Health care providers should discuss alcohol use with their patients who present with psoriasis and should consider screening tools and intervention strategies. So, suggest the authors of literature review recently published in the American Journal of Clinical Dermatology.
Among dermatology practitioners, it is widely recognized that patients presenting with psoriasis tend to consume more alcohol than the general population. In addition, alcohol consumption is associated with more severe disease, reduced response to treatment, and increased risk of other conditions such as cardiovascular disease and arthritis.
Authors of this most recent review summarizing relevant literature on psoriasis and alcohol prepared it with the objective of better equipping their clinician colleagues to recognize the linkage of alcohol and psoriasis and more effectively engage patients with useful tools and interventions.
The stress-response cycle
According to the Arthritis Association, psoriasis affects ~7.5 million people in the US, making it the nation’s most prevalent autoimmune disease. Is it more common in women or men? Researchers don’t necessarily agree on the answer, but according to one study in the journal JAMA Dermatology, 3.2% of women in the United States have a formal psoriasis diagnosis versus 2.8% of men.
Almost one-third of patients with psoriasis report difficulties with alcohol. Among patients with alcoholic liver disease, 15% have psoriasis, compared with 2% in the general population. This problem may be related to the psychological distress seen in many patients with psoriasis.
Further, women with psoriasis may face challenges that men don’t. First, the mental health toll of psoriasis may be greater for women than men. According to the National Psoriasis Foundation (NPF), women are more likely than men to feel the stigma of having a visible skin condition, particularly untreated or undertreated individuals who experience frequent flare-ups.
This can cause stress, which can lead to more flare-ups, even absent problem alcohol consumption. Even though psoriasis tends to be more severe in men than in women, research suggests that women with psoriasis are more likely than men to experience depression, and that psoriasis can have a greater impact on women’s quality of life.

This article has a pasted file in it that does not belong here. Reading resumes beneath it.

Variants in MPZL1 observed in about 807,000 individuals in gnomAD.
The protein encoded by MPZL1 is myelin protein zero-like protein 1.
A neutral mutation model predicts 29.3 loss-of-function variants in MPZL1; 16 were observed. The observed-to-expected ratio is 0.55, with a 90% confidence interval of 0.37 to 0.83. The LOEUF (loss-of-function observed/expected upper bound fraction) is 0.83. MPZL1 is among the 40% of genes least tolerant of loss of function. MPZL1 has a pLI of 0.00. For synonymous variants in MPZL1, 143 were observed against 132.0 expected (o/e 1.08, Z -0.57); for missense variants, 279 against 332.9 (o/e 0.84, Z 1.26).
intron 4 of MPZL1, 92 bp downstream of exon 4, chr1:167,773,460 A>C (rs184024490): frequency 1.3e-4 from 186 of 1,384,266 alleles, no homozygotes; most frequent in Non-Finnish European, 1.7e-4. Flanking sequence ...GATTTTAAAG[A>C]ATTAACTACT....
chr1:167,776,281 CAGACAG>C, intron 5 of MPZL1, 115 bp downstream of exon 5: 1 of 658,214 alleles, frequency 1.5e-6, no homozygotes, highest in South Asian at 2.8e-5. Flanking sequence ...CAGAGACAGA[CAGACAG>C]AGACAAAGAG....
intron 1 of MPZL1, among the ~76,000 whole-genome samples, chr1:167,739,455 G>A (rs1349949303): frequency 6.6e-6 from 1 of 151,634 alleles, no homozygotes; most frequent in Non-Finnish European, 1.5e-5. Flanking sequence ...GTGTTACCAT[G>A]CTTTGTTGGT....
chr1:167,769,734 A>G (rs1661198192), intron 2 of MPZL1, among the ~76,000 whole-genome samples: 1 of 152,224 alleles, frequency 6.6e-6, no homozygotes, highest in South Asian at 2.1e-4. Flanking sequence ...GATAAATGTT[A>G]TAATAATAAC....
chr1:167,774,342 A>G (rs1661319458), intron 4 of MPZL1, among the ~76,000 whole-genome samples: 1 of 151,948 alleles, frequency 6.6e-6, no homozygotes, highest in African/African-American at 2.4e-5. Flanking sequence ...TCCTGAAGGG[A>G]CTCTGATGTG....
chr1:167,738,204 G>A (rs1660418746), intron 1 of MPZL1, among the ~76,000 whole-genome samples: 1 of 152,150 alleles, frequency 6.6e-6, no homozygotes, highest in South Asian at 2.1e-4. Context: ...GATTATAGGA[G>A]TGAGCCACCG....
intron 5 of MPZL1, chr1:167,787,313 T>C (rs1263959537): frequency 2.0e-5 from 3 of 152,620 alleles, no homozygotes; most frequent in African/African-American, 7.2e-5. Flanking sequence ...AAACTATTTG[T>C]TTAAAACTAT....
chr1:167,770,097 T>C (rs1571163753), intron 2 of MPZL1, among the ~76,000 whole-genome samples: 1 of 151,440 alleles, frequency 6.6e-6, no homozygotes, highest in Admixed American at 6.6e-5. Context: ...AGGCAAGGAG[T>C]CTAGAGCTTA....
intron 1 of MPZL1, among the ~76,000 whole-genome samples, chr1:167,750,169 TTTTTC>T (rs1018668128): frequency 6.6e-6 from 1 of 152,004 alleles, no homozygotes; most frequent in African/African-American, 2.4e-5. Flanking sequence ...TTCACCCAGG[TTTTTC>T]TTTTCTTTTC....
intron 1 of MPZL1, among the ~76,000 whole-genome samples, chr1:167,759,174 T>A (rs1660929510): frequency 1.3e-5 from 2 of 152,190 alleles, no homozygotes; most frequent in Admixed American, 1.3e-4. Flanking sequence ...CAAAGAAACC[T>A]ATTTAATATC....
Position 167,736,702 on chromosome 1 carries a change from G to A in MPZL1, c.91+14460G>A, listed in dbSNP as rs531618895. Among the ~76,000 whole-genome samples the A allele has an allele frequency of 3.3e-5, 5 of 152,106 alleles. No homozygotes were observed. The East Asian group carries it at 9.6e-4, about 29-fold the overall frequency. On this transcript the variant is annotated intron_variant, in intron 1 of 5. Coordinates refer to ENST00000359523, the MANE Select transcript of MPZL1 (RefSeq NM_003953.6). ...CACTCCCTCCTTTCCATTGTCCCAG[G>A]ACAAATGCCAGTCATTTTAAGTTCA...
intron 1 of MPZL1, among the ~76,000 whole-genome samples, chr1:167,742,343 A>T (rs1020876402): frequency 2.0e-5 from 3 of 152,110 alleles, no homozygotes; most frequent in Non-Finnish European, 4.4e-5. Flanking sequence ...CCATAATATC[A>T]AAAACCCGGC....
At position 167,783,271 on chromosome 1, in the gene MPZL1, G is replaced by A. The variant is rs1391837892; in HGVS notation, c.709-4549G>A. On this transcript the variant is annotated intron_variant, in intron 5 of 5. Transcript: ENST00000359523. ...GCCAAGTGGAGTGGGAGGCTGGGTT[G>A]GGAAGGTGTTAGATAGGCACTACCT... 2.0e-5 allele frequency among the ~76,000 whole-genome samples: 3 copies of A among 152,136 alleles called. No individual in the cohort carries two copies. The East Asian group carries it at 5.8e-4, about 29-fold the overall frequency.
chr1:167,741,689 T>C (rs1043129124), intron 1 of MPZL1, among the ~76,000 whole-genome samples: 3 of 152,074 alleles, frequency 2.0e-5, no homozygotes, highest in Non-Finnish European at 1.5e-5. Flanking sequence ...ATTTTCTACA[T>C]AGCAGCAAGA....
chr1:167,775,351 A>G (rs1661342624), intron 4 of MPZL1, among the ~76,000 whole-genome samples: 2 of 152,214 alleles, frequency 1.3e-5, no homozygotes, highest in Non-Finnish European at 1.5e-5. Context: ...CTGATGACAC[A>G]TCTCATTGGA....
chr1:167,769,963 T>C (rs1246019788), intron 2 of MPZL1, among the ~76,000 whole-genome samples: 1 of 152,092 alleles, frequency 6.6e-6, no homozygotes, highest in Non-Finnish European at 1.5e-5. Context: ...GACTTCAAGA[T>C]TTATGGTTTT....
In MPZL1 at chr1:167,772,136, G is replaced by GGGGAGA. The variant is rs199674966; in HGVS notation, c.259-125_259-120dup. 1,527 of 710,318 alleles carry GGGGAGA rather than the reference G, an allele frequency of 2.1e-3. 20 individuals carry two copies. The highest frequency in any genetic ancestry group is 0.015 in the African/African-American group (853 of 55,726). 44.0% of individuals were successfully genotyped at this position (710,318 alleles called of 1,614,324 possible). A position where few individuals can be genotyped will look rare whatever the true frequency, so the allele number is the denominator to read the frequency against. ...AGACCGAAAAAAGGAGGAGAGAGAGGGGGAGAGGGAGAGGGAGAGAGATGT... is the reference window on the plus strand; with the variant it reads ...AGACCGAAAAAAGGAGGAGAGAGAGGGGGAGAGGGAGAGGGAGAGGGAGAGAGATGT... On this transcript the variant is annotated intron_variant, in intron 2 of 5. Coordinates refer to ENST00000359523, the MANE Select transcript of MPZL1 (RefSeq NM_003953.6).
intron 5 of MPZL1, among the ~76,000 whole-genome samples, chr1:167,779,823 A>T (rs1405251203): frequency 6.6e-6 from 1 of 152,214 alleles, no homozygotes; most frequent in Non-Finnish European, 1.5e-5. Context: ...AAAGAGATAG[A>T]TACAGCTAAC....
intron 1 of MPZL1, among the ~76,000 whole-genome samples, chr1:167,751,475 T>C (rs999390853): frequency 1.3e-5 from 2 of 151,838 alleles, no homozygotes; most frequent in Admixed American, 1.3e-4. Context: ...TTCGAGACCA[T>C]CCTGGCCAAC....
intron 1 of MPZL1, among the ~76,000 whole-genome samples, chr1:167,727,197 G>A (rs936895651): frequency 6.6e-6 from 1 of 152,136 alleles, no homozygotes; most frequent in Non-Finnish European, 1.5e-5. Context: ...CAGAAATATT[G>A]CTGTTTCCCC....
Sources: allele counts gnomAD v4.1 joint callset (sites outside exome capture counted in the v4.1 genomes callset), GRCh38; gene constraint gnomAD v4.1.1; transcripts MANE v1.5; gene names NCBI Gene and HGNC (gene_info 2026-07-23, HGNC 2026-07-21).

Female hormone connections
The female sex hormones estrogen and progesterone may also play a role in psoriasis, although the effect of hormonal changes on psoriasis will differ from patient to patient. Research reveals that estrogen levels on any given day can raise or lower the risk of a flare-up with clinical studies showing a correlation between skin inflammation and hormone levels (Misitzis A et al. 2019).
The dramatic hormonal changes that come with pregnancy appear to have a particular impact on psoriasis, studies indicate (Ceovic R et al. 2013). Many women experience a significant improvement in psoriasis symptoms during pregnancy, when estrogen and progesterone levels rise, and a worsening of psoriasis symptoms after giving birth, when these hormone levels plummet.
Psoriasis in the genital area
According to the NPF, as many as two-thirds of men and women with psoriasis may experience genital psoriasis at some point in their lives. Patients may feel extremely self-conscious if they are experiencing a psoriasis flare-up on or around the vagina, anus, or genital fold area.
“It’s important to properly identify if the skin condition is psoriasis or something else,” states Jennifer Soung, MD, director of clinical research at Southern California Dermatology in Santa Ana, California, and a clinical professor at Harbor-UCLA Medical Center.
“The number one question my patients ask is, ‘Are you sure it’s not a STD?’” Another question her patients ask is, “Can I still have sex?” (The American Academy of Dermatology Association offers useful tips on sex with genital psoriasis here.)